British Gas force-fitting meters during break-ins, claims report

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British Gas are routinely sending debt collectors into “vulnerable” customers’ homes to “force-fit” pay-as-you-go meters, an investigation has claimed. The Times says it sent an undercover reporter to work for Arvato, a firm used for debt management by the energy giant, to chase people behind on their bills.

The newspaper said a journalist accompanied agents in sub-zero temperatures working with locksmiths to “break into the home of a single father of three young children and switch it to a prepayment meter”.

It’s reported another visit saw the use of a “court warrant to force-fit a meter at the home of a young mother with a four-week-old baby”.

The paper said the woman’s bills had risen sevenfold. If prepayment meters are not kept topped up by customers, the energy supply is cut off.

The investigation also claims to have found worrying evidence of the practice of forced meter fitting being used on a woman whose “daughter is disabled and has a hoist and [an] electric wheelchair.”

British Gas told the paper it has now “suspended” force-fitting prepayment meters and the energy giant said it had begun an investigation, adding: “This is not who we are — it’s not how we do business.”

This month Citizens Advice data showed 3.2 million people were cut off last year and left in the dark and cold after running out of prepay credit.

In contrast Centrica, the owner of British Gas, has reported it expects a seven times increase in net profits for 2021 due to spiking energy costs.

Grant Shapps, the business and energy secretary, branded the behaviour “abhorrent” and said he was horrified by the details undearthed by the newspaper.

The minister had said in December he had written to energy firms asking them to stop force-fitting prepayment meters.

Under current legislation firms may apply to magistrates’ court for a warrant to enter customers’ homes if they fall behind on bills. Energy regulator Ofgem says the powers should only be used as a last resort and not when customers are “very vulnerable”.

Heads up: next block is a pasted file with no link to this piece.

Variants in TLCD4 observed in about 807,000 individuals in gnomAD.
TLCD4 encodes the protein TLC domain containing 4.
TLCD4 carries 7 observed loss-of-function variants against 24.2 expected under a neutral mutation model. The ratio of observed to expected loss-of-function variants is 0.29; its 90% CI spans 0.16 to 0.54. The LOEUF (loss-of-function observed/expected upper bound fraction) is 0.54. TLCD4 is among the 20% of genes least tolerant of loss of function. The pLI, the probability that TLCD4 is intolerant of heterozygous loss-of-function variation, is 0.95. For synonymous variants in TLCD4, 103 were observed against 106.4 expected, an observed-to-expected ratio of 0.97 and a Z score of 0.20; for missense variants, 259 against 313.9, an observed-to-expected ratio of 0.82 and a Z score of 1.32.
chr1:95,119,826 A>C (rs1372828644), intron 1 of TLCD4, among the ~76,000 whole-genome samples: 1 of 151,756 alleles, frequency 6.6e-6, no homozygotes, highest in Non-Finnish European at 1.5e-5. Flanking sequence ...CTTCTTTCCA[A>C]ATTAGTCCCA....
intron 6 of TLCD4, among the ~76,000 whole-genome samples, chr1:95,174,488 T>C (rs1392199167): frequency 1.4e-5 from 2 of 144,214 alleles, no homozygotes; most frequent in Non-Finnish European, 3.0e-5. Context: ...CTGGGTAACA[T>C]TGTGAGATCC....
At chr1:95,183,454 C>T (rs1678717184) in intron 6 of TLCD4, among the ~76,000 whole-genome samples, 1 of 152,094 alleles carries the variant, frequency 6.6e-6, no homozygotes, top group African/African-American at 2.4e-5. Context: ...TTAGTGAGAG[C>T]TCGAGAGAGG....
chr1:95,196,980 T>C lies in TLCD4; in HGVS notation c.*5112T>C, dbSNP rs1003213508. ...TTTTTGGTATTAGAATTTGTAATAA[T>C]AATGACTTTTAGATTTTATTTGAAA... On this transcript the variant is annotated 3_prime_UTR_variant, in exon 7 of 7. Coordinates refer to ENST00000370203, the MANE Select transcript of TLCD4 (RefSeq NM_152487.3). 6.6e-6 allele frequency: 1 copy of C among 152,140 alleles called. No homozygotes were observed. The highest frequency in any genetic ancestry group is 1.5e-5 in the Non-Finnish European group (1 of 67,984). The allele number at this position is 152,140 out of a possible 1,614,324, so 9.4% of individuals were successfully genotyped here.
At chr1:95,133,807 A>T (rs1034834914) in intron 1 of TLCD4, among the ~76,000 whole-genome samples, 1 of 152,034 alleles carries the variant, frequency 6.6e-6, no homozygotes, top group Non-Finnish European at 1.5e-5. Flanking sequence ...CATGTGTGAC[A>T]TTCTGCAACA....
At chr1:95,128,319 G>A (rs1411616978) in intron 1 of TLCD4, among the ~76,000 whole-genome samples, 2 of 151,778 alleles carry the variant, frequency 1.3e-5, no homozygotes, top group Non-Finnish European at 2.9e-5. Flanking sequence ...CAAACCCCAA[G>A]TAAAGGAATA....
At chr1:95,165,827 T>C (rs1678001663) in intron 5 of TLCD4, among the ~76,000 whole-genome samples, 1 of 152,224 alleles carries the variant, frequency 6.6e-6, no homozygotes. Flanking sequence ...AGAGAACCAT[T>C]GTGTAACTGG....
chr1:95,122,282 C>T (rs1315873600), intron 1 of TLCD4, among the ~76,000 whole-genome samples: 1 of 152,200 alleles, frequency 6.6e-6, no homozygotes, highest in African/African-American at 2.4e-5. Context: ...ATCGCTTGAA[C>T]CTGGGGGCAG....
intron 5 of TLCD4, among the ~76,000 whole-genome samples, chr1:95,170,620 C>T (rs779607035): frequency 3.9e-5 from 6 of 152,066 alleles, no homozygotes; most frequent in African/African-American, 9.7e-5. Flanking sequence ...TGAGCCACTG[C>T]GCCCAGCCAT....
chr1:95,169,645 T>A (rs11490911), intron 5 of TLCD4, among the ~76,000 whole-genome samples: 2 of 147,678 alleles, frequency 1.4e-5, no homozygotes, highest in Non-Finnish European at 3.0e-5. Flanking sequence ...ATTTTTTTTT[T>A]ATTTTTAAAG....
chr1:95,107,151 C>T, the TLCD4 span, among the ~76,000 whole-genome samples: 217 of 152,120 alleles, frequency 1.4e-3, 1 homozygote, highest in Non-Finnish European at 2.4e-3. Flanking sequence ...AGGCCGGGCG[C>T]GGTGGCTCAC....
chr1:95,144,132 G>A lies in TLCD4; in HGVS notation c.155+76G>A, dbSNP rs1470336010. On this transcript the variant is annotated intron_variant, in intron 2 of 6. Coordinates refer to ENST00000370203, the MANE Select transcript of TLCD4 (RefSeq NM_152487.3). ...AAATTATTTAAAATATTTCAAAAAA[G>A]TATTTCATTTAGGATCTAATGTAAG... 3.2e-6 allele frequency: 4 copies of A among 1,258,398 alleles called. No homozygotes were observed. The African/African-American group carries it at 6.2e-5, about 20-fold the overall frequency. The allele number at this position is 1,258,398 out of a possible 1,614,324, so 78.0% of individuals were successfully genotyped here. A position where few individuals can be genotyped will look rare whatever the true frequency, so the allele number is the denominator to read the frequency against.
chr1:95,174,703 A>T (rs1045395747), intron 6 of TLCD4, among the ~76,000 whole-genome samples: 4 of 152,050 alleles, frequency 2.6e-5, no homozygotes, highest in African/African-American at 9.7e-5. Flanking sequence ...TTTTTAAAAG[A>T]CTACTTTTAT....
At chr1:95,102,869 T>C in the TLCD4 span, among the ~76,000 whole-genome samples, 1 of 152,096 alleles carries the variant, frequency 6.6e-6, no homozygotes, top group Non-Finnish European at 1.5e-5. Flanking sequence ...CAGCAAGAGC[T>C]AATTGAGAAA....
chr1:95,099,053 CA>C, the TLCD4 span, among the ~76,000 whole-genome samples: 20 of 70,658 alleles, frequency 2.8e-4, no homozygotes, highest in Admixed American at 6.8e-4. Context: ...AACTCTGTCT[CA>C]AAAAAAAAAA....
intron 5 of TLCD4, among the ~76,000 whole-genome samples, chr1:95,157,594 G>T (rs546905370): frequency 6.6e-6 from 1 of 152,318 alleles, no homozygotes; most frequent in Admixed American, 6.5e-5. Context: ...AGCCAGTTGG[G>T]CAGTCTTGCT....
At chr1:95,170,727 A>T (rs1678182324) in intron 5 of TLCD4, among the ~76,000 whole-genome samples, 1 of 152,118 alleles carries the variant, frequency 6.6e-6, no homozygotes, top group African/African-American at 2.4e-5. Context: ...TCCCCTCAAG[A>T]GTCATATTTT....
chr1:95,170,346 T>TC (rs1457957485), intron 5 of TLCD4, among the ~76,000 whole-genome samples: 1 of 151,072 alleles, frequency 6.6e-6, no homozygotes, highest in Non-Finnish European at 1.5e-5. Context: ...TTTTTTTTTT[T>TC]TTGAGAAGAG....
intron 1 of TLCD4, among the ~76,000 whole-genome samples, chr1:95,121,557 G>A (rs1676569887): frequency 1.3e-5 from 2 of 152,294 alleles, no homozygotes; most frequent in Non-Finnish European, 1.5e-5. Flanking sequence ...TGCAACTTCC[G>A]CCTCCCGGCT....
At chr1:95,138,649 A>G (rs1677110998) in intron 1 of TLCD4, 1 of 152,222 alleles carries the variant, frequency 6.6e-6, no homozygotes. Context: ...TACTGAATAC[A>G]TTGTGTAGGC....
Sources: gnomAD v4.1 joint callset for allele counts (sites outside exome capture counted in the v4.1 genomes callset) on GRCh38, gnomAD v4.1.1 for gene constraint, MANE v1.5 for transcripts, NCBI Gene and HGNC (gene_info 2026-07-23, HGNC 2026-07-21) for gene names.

A spokesman told The Times: “These are extremely serious allegations from The Times. We won’t hesitate to take firm enforcement action.”

Arvato said it always acted in accordance with its regulatory requirements and any inappropriate comments from its staff did not reflect the company’s views or policies.

Centrica CEO Chris O’Shea told “Protecting vulnerable customers is an absolute priority and we have clear processes and policies to ensure we manage customer debt carefully and safely. The allegations around our third-party contractor Arvato are unacceptable and we immediately suspended their warrant activity.

“Having recently reviewed our internal processes to support our prepayment customers as well as creating a new £10 million fund to support those prepayment customers who need help the most, I am extremely disappointed that this has occurred.

“As a result, on Wednesday morning, we took a further decision to suspend all our prepayment warrant activity at least until the end of the winter.

“More broadly, there are clearly significant challenges around affordability and unfortunately, we don’t see that changing anytime soon. We need to strike a balance between managing spiralling bad debt and being aware that there are those who refuse to pay and those who cannot pay.

“We think Government, industry and the regulator need to come together to agree a long-term plan to address this and ultimately create an energy market that is sustainable.”

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